Belfast Telegraph

Friday 22 August 2014

Letter sent to US President Barack Obama contained lethal ricin poison

President Barack Obama speaks in the Brady Press Briefing Room of the White House in Washington, Tuesday, April 16, 2013, about the Boston Marathon explosions. (AP Photo/Susan Walsh)
President Barack Obama speaks in the Brady Press Briefing Room of the White House in Washington, Tuesday, April 16, 2013, about the Boston Marathon explosions. (AP Photo/Susan Walsh)
Lu Lingzi who was one of the three people killed in the Boston Marathon bombing
Lu Lingzi who was one of the three people killed in the Boston Marathon bombing
BOSTON, MA - APRIL 15:  A member of the bomb squad investigates a suspicious item on the road near Kenmore Square after two bombs exploded during the 117th Boston Marathon on April 15, 2013 in Boston, Massachusetts. Two people are confirmed dead and at least 23 injured after two explosions went off near the finish line to the marathon.  (Photo by Alex Trautwig/Getty Images)
BOSTON, MA - APRIL 15: A member of the bomb squad investigates a suspicious item on the road near Kenmore Square after two bombs exploded during the 117th Boston Marathon on April 15, 2013 in Boston, Massachusetts. Two people are confirmed dead and at least 23 injured after two explosions went off near the finish line to the marathon. (Photo by Alex Trautwig/Getty Images)

A letter sent to president Barack Obama apparently contained poisonous ricin, the FBI has revealed..

It is undergoing further testing because preliminary field tests can be unreliable, creating false positives.

The letter was intercepted away from the White House. It comes the day after officials said a letter sent to a US senator contained ricin. That was intercepted at a Senate mail facility just outside Washington.

The FBI said there was no indication of a connection to the bombing at the Boston marathon.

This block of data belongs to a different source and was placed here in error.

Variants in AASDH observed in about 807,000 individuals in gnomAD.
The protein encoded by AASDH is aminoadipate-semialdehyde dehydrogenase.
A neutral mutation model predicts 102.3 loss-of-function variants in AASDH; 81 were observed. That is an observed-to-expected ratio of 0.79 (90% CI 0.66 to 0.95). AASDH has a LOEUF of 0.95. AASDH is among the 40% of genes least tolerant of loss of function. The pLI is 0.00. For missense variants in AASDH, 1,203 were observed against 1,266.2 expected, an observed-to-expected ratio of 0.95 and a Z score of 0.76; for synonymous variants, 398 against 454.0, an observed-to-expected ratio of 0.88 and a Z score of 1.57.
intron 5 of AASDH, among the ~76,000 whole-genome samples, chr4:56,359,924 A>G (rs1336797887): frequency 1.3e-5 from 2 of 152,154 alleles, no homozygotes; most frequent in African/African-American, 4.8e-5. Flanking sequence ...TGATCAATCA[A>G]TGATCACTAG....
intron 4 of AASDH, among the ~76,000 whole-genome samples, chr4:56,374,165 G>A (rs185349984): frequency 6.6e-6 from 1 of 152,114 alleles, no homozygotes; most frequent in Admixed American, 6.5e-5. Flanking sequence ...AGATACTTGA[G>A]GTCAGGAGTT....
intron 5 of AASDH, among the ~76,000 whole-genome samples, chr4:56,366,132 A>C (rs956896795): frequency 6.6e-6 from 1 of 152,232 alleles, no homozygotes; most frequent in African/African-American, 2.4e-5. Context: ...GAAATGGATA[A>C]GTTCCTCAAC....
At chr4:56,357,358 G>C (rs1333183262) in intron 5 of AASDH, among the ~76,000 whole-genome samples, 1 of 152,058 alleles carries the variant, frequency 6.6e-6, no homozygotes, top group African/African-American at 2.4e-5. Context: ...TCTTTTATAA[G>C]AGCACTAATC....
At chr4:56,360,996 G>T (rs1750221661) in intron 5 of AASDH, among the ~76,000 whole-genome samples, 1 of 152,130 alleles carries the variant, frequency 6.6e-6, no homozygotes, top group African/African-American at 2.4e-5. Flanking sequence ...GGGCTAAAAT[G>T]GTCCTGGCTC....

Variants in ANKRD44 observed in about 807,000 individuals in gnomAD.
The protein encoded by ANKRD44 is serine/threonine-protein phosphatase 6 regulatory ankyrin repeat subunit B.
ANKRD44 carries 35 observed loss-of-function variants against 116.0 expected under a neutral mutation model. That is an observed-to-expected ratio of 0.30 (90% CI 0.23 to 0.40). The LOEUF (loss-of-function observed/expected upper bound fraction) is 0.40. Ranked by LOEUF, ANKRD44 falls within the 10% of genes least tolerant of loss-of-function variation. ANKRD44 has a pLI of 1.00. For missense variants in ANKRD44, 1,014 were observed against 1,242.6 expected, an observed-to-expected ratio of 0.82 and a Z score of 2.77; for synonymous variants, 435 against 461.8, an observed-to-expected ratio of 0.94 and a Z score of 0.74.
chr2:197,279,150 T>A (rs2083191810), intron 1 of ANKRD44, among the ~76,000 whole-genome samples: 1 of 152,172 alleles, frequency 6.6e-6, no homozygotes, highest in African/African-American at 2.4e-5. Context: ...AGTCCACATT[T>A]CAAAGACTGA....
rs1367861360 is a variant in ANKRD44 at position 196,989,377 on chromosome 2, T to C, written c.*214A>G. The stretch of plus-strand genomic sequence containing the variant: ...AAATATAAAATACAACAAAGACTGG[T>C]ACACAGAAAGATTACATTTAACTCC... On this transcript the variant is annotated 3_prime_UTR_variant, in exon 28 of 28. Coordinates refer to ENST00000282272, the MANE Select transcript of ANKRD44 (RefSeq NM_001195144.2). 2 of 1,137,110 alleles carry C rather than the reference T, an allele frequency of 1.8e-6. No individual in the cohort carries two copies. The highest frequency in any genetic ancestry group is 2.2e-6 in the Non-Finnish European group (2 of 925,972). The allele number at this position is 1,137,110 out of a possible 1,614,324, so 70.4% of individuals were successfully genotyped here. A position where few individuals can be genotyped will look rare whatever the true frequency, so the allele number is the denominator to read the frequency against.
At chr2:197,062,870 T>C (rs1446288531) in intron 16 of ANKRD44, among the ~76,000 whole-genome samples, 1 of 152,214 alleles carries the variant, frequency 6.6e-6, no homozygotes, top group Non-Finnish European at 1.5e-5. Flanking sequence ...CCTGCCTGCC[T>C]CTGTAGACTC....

Meanwhile, the third person killed in the Boston Marathon bombings was a Chinese graduate student at Boston University who was originally from China's northeastern city of Shenyang, a state-run Chinese newspaper reported today.

The Shenyang Evening News said on its official Twitter-like microblog account that the victim's name is Lu Lingzi. An editor at the newspaper said Ms Lu's father confirmed his daughter's death when reporters visited the family home.

The Chinese Foreign Ministry and Consulate General in New York are not releasing the victim's name at the request of the family. But yesterday Boston media quoted a Chinese Consulate General official as saying that Chinese national Lu Lingzi was missing in the wake of Monday's bombings which killed three people and injured more than 170.

In the Chinese-language world of social media, people have been sharing their condolences on what is believed to be Ms Lu's microblogging account hosted by Sina Weibo, which was last updated on Monday with a breakfast photo. By early this morning, more than 14,000 comments had been left on the page.

Friends contacted through Sina Weibo have largely declined to speak to media about Ms Lu, saying they were adhering to the wishes of her family.

Ms Lu graduated from a Shenyang high school and studied international trade at Beijing Institute of Technology before going to the United States to study statistics as a graduate student at Boston University, according to media reports, Ms Lu's friends and her own Facebook page.

The Chinese form the largest contingent of foreign students at US colleges and universities. Last year, nearly 200,000 Chinese were enrolled in US higher education institutions, and Massachusetts had almost 10,000 Chinese students on its college campuses, according to the Institute of International Education.

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